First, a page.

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Since you have advised, I started searching for a good one with all the functions. What I found is this:
  • The ones available on Anazon doing all the functions are of almost the same price as the one that I linked, but there are terrible reviews, like bad soldering, low accuracy, low range and defective product. See these: #1, #2, #3 (the second and third ones can measure AC current as well)
  • Otherwise, the LCR meters are quite overpriced. See this one (about 57 USD + shipping)
  • The clamp meters cannot measure DC in general, or give a low range and low accuracy.
If you find one that is reasonably-priced and has good reviews, it would be helpful if you post a link.
Well, handheld LCR meters do exist but have niche applications of very approximate parts identification or binning (the LCR metering is poorly compatible with having meter-long leads of standard multimeter) - therefore production batches are small and prices are higher. Economy of scale in operation.
A6243L (please search on ebay or amazon) LC meter may be a good addition to multimeter though. Reviews indicate good cost/performance for low-cost meter.
 
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  • #11
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AC multimeters that measure current are quite costly, and generally come with a clamp.
Erm, no. The clamp is there to measure current without breaking the circuit. The ones you linked previously all could measure AC current without clamp (you need to install them into the circuit). Most types can measure AC current. It is only the clamp what is costly.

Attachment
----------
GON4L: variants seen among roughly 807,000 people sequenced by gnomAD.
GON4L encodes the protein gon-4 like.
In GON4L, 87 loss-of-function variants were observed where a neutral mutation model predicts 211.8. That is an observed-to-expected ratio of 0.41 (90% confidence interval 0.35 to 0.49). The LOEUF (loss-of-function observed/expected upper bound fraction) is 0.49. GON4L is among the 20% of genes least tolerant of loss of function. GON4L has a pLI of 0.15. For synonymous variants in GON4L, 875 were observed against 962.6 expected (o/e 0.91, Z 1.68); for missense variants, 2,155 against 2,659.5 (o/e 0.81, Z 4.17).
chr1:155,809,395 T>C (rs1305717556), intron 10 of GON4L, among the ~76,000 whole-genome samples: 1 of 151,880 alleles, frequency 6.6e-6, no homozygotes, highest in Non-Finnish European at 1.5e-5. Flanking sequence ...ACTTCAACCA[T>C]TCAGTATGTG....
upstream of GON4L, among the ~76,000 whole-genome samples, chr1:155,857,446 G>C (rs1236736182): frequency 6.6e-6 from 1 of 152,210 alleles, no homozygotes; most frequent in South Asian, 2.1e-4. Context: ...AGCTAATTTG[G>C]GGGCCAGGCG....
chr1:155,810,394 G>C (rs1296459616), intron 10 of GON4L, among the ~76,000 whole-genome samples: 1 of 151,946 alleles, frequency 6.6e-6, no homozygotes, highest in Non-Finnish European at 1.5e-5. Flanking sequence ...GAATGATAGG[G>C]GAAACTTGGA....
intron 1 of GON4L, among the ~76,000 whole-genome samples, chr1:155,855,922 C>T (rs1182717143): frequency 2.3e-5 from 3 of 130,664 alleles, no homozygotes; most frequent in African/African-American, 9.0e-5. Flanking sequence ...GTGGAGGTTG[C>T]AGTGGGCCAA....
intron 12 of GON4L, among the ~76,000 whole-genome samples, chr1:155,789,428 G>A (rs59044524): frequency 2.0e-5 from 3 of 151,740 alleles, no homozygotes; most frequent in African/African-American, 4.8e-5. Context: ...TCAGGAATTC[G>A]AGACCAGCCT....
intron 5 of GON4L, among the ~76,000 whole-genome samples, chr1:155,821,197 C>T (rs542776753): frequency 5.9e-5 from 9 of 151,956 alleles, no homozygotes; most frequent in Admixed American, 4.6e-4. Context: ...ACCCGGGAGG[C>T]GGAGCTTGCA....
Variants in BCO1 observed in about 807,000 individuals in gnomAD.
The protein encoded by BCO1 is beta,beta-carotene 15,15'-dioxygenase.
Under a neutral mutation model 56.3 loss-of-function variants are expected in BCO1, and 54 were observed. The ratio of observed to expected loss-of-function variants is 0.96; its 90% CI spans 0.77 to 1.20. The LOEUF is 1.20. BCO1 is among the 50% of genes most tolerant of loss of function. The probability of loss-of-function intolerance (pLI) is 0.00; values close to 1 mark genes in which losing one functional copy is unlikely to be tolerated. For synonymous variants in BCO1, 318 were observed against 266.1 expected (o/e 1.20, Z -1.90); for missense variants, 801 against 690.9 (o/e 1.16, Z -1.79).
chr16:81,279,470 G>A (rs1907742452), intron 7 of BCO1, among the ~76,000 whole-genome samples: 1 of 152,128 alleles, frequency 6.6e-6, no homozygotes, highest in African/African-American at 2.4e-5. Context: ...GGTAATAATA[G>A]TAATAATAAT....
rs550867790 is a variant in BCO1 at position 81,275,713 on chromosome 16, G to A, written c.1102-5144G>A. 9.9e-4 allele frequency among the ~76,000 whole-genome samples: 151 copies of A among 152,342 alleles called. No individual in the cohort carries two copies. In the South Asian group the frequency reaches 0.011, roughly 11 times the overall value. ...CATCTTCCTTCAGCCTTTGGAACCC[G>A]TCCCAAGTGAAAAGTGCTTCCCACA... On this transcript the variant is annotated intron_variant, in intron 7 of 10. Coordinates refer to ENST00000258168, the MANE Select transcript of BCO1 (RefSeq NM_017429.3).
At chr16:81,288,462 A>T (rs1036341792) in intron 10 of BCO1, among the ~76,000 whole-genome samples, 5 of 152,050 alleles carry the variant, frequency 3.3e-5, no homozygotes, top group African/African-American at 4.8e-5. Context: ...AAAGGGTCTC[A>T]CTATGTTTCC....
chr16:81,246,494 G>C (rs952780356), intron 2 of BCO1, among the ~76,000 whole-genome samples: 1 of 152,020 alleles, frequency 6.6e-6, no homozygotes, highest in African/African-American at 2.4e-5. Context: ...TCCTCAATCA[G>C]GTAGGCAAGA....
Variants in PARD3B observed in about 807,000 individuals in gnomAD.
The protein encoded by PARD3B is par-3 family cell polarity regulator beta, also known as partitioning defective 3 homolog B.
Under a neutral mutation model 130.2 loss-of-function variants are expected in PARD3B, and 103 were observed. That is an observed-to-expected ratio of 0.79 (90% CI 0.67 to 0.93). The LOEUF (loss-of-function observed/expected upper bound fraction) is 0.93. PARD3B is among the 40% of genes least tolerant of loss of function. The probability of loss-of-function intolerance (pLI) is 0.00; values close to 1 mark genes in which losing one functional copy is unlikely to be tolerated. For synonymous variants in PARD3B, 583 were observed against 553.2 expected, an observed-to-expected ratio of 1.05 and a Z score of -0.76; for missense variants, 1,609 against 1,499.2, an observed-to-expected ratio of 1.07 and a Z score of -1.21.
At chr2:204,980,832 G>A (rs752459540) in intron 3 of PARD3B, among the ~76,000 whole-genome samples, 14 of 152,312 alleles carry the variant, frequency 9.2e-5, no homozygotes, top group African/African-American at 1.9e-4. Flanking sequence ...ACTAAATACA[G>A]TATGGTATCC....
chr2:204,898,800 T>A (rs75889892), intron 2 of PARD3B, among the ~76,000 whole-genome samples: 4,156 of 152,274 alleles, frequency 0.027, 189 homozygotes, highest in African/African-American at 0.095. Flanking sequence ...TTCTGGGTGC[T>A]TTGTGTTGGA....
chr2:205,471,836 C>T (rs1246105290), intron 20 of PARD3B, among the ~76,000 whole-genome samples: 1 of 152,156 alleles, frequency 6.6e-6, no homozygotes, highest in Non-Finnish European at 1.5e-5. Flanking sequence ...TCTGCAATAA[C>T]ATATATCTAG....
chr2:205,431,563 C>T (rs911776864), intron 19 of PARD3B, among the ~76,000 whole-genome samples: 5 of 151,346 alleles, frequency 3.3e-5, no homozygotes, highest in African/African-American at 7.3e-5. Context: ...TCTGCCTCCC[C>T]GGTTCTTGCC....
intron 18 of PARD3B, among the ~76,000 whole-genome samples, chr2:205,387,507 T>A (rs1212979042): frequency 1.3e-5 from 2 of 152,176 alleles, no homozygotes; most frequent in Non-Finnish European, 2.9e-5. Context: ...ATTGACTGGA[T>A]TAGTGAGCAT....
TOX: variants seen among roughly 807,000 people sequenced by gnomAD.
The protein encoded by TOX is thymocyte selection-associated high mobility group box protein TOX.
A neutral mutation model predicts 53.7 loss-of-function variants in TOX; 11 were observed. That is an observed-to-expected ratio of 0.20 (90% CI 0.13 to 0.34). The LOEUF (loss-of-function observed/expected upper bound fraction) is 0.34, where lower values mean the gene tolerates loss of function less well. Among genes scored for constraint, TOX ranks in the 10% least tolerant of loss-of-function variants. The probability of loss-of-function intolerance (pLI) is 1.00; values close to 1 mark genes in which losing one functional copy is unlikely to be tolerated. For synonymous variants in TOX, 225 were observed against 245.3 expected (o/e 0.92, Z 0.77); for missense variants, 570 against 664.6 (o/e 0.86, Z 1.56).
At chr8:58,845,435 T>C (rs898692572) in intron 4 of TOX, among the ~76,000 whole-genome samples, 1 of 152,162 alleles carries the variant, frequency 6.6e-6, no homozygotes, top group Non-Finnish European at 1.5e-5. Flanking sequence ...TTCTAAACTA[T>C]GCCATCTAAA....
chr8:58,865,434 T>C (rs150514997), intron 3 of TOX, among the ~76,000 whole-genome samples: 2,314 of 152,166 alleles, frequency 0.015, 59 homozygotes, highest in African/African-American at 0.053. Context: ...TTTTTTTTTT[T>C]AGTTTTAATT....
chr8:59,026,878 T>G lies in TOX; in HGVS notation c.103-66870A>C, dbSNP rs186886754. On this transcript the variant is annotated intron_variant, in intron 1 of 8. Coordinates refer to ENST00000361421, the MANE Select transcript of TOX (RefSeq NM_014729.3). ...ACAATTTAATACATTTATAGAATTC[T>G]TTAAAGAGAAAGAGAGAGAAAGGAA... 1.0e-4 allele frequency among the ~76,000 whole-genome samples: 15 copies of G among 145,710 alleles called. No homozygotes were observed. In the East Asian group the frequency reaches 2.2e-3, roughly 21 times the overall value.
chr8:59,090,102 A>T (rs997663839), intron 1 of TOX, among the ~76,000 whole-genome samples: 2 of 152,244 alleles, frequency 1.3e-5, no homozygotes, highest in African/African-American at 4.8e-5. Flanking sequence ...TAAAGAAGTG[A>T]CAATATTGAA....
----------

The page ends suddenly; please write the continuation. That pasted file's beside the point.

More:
Is this your first one? It is completely OK to start with a cheap one with limited knowledge. Even if you buy another later on a basic one will come handy.

I think AC current measurement would be useful anyway, but for cheap I'm against the capacitance measurement. It is just not reliable within the 'cheap' category by my experience.
Also, for cheap ones I prefer having 'cheap looking' ones :smile: You just won't take them too serious and won't forget to suspect the multimeter if something is not right.
 
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  • #12
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Erm, no. The clamp is there to measure current without breaking the circuit. The ones you linked previously all could measure AC current without clamp (you need to install them into the circuit). Most types can measure AC current. It is only the clamp what is costly.
By AC multimeters, I wanted to mean those which measure AC current. Majority of them are the ones with a clamp. The ones that come without a clamp, have odd ranges. For example, 20mA, 200mA, and then suddenly 20A. I doubt whether the ones without a clamp would do a good measurement.
Is this your first one? It is completely OK to start with a cheap one with limited knowledge. Even if you buy another later on a basic one will come handy.